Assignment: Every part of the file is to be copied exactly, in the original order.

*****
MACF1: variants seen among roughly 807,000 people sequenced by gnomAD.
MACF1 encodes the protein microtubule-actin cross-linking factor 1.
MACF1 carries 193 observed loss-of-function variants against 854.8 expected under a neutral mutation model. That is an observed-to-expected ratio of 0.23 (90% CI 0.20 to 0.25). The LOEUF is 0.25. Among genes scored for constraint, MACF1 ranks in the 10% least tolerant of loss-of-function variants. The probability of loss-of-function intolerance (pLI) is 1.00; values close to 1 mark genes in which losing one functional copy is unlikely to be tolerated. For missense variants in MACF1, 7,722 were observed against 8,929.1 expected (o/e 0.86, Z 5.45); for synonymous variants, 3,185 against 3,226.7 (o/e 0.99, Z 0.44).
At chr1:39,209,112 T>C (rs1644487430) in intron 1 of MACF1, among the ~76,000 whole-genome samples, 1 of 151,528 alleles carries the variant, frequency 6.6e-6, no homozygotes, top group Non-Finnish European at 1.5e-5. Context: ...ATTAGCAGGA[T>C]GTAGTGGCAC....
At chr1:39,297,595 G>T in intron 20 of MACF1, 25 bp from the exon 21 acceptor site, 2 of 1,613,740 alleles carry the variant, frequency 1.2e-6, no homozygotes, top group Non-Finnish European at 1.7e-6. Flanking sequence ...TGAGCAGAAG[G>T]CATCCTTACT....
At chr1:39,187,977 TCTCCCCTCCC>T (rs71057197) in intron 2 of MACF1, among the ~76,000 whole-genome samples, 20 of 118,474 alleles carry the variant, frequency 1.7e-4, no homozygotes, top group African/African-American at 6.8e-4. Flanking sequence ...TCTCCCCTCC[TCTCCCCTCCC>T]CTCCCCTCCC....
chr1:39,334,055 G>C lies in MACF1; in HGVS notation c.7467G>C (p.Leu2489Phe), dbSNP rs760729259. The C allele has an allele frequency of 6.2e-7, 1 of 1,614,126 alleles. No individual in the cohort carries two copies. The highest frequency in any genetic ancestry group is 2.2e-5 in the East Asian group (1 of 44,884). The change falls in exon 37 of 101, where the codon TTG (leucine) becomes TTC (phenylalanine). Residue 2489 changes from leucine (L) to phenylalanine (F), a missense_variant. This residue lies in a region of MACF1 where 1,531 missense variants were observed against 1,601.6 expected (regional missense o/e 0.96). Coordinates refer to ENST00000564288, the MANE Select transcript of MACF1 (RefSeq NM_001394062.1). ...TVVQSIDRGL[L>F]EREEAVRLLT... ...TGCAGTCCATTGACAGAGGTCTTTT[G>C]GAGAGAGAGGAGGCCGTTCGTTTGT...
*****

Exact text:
MACF1: variants seen among roughly 807,000 people sequenced by gnomAD.
MACF1 encodes the protein microtubule-actin cross-linking factor 1.
MACF1 carries 193 observed loss-of-function variants against 854.8 expected under a neutral mutation model. That is an observed-to-expected ratio of 0.23 (90% CI 0.20 to 0.25). The LOEUF is 0.25. Among genes scored for constraint, MACF1 ranks in the 10% least tolerant of loss-of-function variants. The probability of loss-of-function intolerance (pLI) is 1.00; values close to 1 mark genes in which losing one functional copy is unlikely to be tolerated. For missense variants in MACF1, 7,722 were observed against 8,929.1 expected (o/e 0.86, Z 5.45); for synonymous variants, 3,185 against 3,226.7 (o/e 0.99, Z 0.44).
At chr1:39,209,112 T>C (rs1644487430) in intron 1 of MACF1, among the ~76,000 whole-genome samples, 1 of 151,528 alleles carries the variant, frequency 6.6e-6, no homozygotes, top group Non-Finnish European at 1.5e-5. Context: ...ATTAGCAGGA[T>C]GTAGTGGCAC....
At chr1:39,297,595 G>T in intron 20 of MACF1, 25 bp from the exon 21 acceptor site, 2 of 1,613,740 alleles carry the variant, frequency 1.2e-6, no homozygotes, top group Non-Finnish European at 1.7e-6. Flanking sequence ...TGAGCAGAAG[G>T]CATCCTTACT....
At chr1:39,187,977 TCTCCCCTCCC>T (rs71057197) in intron 2 of MACF1, among the ~76,000 whole-genome samples, 20 of 118,474 alleles carry the variant, frequency 1.7e-4, no homozygotes, top group African/African-American at 6.8e-4. Flanking sequence ...TCTCCCCTCC[TCTCCCCTCCC>T]CTCCCCTCCC....
chr1:39,334,055 G>C lies in MACF1; in HGVS notation c.7467G>C (p.Leu2489Phe), dbSNP rs760729259. The C allele has an allele frequency of 6.2e-7, 1 of 1,614,126 alleles. No individual in the cohort carries two copies. The highest frequency in any genetic ancestry group is 2.2e-5 in the East Asian group (1 of 44,884). The change falls in exon 37 of 101, where the codon TTG (leucine) becomes TTC (phenylalanine). Residue 2489 changes from leucine (L) to phenylalanine (F), a missense_variant. This residue lies in a region of MACF1 where 1,531 missense variants were observed against 1,601.6 expected (regional missense o/e 0.96). Coordinates refer to ENST00000564288, the MANE Select transcript of MACF1 (RefSeq NM_001394062.1). ...TVVQSIDRGL[L>F]EREEAVRLLT... ...TGCAGTCCATTGACAGAGGTCTTTT[G>C]GAGAGAGAGGAGGCCGTTCGTTTGT...